(2,500 BC) Mesopotamia
Tales of heroic deeds by Enkidu are recounted in the world's earliest known epic poem, "Gilgamesh". Enkidu is created by the god Anu (his name means "Ea is creator") to oppose the Uruk king, Gilgamesh, but becomes his friend and lover. In one version of the tale, Gilgamesh is so distraught when Enkidu dies that he travels to the underworld in an attempt to retrieve him.
Read here some excerpts from the text:
"... O Enkidu, you who love life, I will show you Gilgamesh, a man of many moods; you shall look at him well in his radiant manhood. His body is perfect in strenght and maturity; he never rests by night or day. He is stronger than you, so leave your boasting ... ... Gilgamesh will know in his dream that you are coming."
Now Gilgamesh got up to tell to his mother, Ninsun, one of the wise gods, "Mother, last night I had a dream. I was full of joy, the young heroes were round me and I walked through the night under the stars of firmament, and one, a meteor of the stuff of Anu, fell down from heaven. I tried to lift it but it proved too heavy. ... and to me its attracion was like the love of a woman..."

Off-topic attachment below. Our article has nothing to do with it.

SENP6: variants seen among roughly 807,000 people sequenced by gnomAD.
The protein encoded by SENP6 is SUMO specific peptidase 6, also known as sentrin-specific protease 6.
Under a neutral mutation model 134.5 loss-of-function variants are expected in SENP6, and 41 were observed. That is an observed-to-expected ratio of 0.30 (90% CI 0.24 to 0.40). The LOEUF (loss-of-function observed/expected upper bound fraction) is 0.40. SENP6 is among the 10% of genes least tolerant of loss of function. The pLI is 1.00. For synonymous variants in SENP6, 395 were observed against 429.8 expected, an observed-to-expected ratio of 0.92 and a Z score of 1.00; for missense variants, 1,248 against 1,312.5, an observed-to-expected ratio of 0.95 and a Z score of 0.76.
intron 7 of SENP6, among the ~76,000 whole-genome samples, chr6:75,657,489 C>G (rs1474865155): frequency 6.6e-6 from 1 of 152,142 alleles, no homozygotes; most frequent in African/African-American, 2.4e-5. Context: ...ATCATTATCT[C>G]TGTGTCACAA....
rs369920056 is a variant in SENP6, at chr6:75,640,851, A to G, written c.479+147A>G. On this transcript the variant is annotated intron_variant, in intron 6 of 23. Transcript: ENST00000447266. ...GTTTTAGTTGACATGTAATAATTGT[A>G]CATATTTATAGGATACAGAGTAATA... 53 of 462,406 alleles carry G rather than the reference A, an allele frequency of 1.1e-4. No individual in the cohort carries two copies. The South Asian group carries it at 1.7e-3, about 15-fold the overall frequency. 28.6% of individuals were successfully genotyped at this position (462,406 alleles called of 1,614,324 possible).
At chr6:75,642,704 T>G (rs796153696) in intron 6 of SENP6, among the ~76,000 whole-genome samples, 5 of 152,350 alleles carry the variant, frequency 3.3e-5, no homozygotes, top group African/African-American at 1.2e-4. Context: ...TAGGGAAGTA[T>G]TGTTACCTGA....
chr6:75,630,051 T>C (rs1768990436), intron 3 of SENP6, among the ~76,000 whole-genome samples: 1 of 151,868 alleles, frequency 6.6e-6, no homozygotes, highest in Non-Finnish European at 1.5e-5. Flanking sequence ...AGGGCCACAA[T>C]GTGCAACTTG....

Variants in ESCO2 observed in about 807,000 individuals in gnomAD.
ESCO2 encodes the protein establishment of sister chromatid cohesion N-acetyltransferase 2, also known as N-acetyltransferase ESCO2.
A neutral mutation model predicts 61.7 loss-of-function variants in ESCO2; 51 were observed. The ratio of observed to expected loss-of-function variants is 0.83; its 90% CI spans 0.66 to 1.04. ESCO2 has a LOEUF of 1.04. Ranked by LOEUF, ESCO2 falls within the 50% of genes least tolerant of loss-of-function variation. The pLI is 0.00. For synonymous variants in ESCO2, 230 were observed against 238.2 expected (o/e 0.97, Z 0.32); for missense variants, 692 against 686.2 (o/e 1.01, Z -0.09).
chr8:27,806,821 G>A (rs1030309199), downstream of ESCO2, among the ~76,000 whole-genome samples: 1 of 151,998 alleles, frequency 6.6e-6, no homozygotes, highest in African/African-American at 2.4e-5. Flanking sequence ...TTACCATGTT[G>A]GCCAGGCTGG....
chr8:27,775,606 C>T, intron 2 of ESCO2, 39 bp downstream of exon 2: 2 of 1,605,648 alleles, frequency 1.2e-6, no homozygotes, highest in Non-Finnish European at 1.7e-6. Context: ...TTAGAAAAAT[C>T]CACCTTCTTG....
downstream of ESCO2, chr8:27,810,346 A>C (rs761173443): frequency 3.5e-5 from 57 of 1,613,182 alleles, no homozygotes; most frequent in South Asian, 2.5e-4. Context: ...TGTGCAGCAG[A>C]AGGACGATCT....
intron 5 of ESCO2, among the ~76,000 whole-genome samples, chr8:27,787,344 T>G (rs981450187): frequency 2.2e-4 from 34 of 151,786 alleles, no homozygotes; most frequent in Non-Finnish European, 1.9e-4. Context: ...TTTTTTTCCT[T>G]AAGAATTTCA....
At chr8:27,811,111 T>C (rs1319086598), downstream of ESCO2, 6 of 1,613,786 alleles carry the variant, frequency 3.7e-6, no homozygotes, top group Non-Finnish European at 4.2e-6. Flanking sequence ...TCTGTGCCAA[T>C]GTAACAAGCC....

Then Nisun ... said to Gilgamesh, "This star of heaven which descend like a meteor ... is the strong comrade, the one who brings help to his friend in his need. He is the strongest of wild creatures, ... when you will see him you will be glad; you will love him as a woman and he will never forsake you. This is the meaning of the dream."
Gilgamesh said, "Mother, I dreamed a second dream. In the streets of strong-walled Uruk there lay an axe; the shape of it was strange and the people thronged round. I saw it and was glad. I bent down, deeply drawn towards it; I loved it like a woman and wore it at my side."
Nisun answered, "That axe, which you saw, which drew you so powerfully like love of a woman, that is the comrade whom I give you, and he will come in his strenght like one of the host of heaven. He is the brave companion who rescues his friend in necessity."